- Jan 2023
I've seen a bunch of people sharing this and repeating the conclusion: that the success is because the CEO loves books t/f you need passionate leaders and... while I think that's true, I don't think that's the conclusion to draw here. The winning strategy wasn't love, it was delegation and local, on the ground, knowledge.
This win comes from a leader who acknowledges people in the stores know their communities and can see and react faster to sales trends in store... <br /> —Aram Zucker-Scharff (@Chronotope@indieweb.social) https://indieweb.social/@Chronotope/109597430733908319 Dec 29, 2022, 06:27 · Mastodon for Android
Also heavily at play here in their decentralization of control is regression toward the mean (Galton, 1886) by spreading out buying decisions over a more diverse group which is more likely to reflect the buying population than one or two corporate buyers whose individual bad decisions can destroy a company.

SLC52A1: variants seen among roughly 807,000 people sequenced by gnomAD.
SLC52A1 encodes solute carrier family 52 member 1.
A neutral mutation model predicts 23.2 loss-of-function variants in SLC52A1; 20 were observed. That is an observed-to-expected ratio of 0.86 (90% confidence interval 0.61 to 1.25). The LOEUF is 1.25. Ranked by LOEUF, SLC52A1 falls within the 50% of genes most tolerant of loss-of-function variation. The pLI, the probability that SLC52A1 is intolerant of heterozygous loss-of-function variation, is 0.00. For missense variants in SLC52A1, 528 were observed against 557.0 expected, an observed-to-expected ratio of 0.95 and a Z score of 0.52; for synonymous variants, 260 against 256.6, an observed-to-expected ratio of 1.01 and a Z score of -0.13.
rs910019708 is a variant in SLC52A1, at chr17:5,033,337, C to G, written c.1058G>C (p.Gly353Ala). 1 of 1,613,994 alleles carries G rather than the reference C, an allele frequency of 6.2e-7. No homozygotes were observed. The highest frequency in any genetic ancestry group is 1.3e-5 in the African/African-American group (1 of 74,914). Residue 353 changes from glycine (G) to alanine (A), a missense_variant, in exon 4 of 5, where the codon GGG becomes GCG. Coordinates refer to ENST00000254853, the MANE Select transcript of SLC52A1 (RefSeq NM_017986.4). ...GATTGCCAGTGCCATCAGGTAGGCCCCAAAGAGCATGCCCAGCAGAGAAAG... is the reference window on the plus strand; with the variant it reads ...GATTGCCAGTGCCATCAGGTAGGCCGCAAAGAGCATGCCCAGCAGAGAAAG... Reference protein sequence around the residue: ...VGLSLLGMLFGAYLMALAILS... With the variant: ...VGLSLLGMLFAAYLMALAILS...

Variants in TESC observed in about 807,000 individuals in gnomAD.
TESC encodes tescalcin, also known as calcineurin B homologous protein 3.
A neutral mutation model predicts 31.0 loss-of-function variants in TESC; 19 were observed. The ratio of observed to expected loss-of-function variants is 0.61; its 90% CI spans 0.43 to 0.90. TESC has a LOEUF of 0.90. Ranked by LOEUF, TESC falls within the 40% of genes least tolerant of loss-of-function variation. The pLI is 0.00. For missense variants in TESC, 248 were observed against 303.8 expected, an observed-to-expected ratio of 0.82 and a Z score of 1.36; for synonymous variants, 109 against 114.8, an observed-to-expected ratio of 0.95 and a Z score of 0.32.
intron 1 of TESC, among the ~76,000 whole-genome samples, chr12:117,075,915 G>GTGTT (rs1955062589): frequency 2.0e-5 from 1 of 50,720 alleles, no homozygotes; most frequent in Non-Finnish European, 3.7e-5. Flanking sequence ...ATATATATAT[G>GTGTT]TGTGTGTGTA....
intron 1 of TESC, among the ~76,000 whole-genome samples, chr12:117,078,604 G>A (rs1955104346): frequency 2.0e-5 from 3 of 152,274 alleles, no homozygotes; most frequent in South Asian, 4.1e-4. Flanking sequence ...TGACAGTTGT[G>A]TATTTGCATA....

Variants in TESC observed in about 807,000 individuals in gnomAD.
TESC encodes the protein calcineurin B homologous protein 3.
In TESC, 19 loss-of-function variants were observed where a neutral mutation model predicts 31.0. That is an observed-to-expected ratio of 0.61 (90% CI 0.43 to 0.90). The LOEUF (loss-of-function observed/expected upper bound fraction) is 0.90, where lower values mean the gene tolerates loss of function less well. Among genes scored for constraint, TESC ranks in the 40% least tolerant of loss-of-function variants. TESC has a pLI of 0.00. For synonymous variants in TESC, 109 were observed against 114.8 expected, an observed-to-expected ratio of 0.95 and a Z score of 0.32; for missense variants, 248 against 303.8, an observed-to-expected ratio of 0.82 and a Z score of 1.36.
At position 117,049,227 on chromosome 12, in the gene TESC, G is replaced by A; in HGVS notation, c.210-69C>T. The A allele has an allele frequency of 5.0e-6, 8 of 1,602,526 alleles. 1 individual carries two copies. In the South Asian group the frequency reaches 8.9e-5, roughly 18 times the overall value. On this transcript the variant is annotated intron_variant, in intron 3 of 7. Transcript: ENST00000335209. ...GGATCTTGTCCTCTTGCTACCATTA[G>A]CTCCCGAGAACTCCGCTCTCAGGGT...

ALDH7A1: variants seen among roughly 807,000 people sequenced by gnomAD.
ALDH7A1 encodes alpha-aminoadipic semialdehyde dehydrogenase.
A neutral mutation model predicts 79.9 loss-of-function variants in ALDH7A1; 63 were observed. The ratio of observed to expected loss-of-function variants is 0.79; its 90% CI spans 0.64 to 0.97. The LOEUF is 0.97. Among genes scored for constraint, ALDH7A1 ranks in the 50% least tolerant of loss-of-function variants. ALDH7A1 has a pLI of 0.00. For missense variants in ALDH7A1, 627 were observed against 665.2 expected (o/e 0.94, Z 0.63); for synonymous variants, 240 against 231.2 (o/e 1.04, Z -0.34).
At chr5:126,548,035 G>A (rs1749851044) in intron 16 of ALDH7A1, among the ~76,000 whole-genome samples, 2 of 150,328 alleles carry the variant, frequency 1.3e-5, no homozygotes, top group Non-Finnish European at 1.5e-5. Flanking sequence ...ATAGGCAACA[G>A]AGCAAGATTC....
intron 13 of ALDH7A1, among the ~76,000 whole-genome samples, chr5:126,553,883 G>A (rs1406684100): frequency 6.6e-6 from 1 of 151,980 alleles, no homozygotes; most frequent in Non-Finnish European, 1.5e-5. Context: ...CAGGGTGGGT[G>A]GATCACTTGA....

How is one to balance these sorts of decisions at the center of a company? What role do examples of tastemakers and creatives have in spaces like fashion for this? How about the control exerted by Steve Jobs at Apple in shaping the purchasing decisions of the users vis-a-vis auteur theory? (Or more broadly, how does one retain the idea of a central vision or voice with the creative or business inputs of dozens, hundreds, or thousands of others?)
How can you balance the regression to the mean with potentially cutting edge internal ideas which may give the company a more competitive edge versus the mean?
- auteur theory
- wisdom of the crowds
- human resources
- Steve Jobs
- A/B testing
- regression toward the mean
- purchasing decisions
- Francis Galton
- competitive edge
- serving the customer
- Sep 2020
Gignac, G. E., & Zajenkowski, M. (2020). The Dunning-Kruger effect is (mostly) a statistical artefact: Valid approaches to testing the hypothesis with individual differences data. Intelligence, 80, 101449. https://doi.org/10.1016/j.intell.2020.101449